In a country as culturally rich and geographically diverse as India, it’s not surprising that you’ll find the sixth largest number of UNESCO sites in the world.
We all know the Taj Mahal, one of the seven wonders of the world, but India has so much more when it comes to cultural and natural treasures. These range from ancient caves carved into steep gorges to the surreal landscape and remains of the Vijayanagara kingdom.
Here are seven of the country’s most fascinating UNESCO World Heritage sites that embody much of what’s so incredible about India.
In the heart of south India’s Karnataka state, the landscape around the ancient village of Hampi is so surreal, it feels like another planet entirely. Banana palms and plains of lime-green rice paddies contrast with the reddish hue of gigantic boulders scattered across the rolling landscape.
These naturally eroded stones perch precariously in clusters and stacks like crumbling sculptures on hilltops that serve as vantage points for mesmerizing sunsets. But most significantly, Hampi was home to the 14th-century Vijayanagara kingdom and has over 1,600 remains of temples, forts, and other UNESCO-listed monuments.
Book a guided tour or rent a bike and spend days exploring solo. There’s a lot to see, but the most famous sights include Virupaksha Temple, Vitthala Temple, and Monkey Temple. Visit in November during Hampi Utsav (a huge cultural festival) for added excitement. Stay at a charming Hampi homestay, Banana Farm House.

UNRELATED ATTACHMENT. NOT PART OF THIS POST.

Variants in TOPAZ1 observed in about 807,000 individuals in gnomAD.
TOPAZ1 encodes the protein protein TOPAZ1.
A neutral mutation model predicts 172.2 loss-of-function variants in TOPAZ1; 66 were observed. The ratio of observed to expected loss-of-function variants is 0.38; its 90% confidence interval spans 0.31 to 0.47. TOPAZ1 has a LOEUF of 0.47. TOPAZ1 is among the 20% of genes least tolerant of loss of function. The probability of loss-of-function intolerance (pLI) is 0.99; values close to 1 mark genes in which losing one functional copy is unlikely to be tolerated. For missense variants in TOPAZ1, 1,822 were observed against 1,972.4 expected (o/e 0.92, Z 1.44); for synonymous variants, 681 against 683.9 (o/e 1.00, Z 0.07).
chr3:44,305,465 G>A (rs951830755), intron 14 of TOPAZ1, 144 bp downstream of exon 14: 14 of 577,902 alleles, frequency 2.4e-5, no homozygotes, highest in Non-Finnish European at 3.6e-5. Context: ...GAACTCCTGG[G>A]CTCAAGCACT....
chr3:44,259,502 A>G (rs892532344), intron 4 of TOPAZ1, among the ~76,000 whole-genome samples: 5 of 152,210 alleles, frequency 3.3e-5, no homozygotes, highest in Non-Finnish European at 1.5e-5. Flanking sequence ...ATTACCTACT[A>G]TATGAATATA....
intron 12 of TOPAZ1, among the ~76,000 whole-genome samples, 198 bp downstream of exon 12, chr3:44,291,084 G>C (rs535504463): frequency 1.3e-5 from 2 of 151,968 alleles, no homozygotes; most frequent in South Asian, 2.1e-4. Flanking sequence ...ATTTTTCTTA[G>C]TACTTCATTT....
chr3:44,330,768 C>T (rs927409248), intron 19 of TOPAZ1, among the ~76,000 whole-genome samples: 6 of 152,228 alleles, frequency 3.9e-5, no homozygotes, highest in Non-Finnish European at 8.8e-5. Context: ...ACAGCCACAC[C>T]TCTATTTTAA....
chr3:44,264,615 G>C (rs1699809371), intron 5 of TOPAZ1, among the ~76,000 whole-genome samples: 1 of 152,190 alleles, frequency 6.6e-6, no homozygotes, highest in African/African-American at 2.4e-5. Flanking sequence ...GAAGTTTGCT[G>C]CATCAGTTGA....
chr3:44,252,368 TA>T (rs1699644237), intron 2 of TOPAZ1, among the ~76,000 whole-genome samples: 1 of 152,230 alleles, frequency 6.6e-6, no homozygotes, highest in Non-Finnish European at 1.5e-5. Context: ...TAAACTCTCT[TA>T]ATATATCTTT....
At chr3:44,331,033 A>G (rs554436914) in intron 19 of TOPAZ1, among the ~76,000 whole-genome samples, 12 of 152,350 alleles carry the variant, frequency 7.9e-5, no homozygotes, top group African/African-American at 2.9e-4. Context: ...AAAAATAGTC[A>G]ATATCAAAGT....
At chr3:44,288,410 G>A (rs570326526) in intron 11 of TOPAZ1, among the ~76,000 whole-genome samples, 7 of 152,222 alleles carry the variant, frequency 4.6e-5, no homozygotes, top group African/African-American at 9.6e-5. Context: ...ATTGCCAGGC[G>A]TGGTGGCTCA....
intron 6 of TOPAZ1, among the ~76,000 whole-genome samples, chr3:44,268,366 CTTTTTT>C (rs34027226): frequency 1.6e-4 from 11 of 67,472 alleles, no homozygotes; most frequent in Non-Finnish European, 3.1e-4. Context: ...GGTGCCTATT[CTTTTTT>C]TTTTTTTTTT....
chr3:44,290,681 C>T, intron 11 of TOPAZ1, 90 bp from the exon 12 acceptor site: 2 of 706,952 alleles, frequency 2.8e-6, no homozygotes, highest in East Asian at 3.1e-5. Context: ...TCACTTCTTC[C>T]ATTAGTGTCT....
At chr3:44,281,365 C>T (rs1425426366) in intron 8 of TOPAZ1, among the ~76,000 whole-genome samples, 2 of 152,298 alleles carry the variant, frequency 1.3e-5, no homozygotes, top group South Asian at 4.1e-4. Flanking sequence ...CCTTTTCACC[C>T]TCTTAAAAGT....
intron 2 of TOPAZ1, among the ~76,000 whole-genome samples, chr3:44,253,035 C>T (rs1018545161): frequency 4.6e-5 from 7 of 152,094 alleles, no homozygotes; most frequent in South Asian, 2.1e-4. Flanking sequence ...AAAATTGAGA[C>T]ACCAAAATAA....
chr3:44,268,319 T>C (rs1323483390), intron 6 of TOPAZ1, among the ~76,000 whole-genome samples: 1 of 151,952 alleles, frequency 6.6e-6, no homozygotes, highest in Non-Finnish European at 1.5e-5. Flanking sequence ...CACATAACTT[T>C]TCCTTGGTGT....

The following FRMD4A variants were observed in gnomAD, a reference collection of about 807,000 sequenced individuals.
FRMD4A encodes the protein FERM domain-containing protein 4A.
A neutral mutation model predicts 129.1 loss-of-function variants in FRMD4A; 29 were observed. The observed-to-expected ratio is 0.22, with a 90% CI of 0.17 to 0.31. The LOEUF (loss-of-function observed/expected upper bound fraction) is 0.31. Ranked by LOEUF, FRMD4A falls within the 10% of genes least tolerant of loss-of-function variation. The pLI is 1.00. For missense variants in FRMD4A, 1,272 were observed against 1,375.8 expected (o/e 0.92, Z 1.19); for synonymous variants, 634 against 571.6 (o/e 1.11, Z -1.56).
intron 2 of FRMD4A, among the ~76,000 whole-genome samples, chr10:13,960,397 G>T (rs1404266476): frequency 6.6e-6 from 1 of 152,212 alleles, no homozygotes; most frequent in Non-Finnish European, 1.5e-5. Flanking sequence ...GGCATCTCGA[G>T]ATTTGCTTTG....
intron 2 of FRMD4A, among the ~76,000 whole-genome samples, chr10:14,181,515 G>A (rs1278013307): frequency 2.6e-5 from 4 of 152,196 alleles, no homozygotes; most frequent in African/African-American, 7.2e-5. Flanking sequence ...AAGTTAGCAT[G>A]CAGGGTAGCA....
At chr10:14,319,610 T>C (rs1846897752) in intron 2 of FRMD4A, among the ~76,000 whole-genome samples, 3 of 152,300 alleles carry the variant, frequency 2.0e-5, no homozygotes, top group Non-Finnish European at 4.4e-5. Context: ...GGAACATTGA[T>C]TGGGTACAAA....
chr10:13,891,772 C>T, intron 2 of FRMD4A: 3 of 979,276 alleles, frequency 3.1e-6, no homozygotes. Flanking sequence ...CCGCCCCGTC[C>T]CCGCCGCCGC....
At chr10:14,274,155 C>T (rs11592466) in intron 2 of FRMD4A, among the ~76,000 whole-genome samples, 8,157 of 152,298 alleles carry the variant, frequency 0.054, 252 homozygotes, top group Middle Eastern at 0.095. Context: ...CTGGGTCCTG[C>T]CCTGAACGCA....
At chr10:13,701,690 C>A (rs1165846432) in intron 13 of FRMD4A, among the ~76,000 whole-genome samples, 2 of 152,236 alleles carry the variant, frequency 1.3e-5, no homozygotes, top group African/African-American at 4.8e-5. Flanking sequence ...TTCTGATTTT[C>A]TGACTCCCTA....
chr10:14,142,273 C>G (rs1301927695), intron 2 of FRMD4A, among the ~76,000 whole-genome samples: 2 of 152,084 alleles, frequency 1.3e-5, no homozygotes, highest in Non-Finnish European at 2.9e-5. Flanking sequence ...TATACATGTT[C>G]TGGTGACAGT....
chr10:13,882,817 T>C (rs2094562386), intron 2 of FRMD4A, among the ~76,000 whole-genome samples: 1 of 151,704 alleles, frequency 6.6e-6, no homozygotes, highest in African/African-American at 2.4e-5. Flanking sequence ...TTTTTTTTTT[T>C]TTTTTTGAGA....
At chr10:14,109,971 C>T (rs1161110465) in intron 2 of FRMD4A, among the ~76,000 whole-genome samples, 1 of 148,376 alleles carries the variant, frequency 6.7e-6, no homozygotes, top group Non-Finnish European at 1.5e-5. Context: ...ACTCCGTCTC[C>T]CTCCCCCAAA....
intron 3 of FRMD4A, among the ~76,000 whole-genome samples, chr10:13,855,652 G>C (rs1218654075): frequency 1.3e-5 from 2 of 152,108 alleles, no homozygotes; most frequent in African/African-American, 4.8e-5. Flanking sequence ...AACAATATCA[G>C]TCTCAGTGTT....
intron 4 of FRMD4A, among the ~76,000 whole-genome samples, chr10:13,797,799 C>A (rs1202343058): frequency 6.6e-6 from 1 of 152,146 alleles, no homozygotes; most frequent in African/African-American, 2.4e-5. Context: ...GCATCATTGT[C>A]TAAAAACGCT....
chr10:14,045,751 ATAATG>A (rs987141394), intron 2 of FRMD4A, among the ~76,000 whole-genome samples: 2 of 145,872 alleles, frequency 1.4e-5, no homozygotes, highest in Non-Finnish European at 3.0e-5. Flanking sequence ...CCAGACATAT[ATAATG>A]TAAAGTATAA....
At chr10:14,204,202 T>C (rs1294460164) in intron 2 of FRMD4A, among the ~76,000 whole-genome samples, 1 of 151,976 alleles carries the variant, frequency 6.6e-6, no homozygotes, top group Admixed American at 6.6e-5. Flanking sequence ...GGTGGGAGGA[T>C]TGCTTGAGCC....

Varanasi, Uttar Pradesh
Varanasi, Uttar Pradesh
Varanasi is one of the world’s oldest continually inhabited cities and India’s most sacred places, lying on the holy Ganges River in northern India. This historical and spiritual importance lends Varanasi a powerful quality, best appreciated at dawn or sunset boat ride.
You’ll see flower garlands float across the water and smoke rise from the ghats (riverfront steps) as the daily public cremations begin. Varanasi is the spiritual home of India's sadhus – holy men who have renounced all worldly possessions. The ghats are filled with devout Hindus taking ritualistic baths in the holy water and funeral pyres where bodies are cremated in sacred eternal fires.